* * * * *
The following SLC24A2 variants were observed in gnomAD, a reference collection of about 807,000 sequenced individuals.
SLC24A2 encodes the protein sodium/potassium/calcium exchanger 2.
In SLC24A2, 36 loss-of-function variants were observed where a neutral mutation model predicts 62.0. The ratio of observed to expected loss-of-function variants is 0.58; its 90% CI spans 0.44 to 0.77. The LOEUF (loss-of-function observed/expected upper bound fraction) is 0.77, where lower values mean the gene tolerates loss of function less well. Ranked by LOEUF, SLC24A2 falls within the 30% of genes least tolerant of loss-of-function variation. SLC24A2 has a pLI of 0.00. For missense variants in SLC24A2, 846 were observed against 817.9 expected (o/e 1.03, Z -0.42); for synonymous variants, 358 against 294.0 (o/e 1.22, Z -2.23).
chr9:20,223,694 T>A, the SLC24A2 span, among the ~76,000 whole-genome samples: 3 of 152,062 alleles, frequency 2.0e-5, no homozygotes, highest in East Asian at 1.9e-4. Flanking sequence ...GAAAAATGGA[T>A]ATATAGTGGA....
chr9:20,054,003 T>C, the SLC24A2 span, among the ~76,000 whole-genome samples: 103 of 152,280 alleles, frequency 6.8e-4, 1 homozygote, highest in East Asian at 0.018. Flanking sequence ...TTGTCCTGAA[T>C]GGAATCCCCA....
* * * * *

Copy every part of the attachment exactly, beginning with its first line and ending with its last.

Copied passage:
The following SLC24A2 variants were observed in gnomAD, a reference collection of about 807,000 sequenced individuals.
SLC24A2 encodes the protein sodium/potassium/calcium exchanger 2.
In SLC24A2, 36 loss-of-function variants were observed where a neutral mutation model predicts 62.0. The ratio of observed to expected loss-of-function variants is 0.58; its 90% CI spans 0.44 to 0.77. The LOEUF (loss-of-function observed/expected upper bound fraction) is 0.77, where lower values mean the gene tolerates loss of function less well. Ranked by LOEUF, SLC24A2 falls within the 30% of genes least tolerant of loss-of-function variation. SLC24A2 has a pLI of 0.00. For missense variants in SLC24A2, 846 were observed against 817.9 expected (o/e 1.03, Z -0.42); for synonymous variants, 358 against 294.0 (o/e 1.22, Z -2.23).
chr9:20,223,694 T>A, the SLC24A2 span, among the ~76,000 whole-genome samples: 3 of 152,062 alleles, frequency 2.0e-5, no homozygotes, highest in East Asian at 1.9e-4. Flanking sequence ...GAAAAATGGA[T>A]ATATAGTGGA....
chr9:20,054,003 T>C, the SLC24A2 span, among the ~76,000 whole-genome samples: 103 of 152,280 alleles, frequency 6.8e-4, 1 homozygote, highest in East Asian at 0.018. Flanking sequence ...TTGTCCTGAA[T>C]GGAATCCCCA....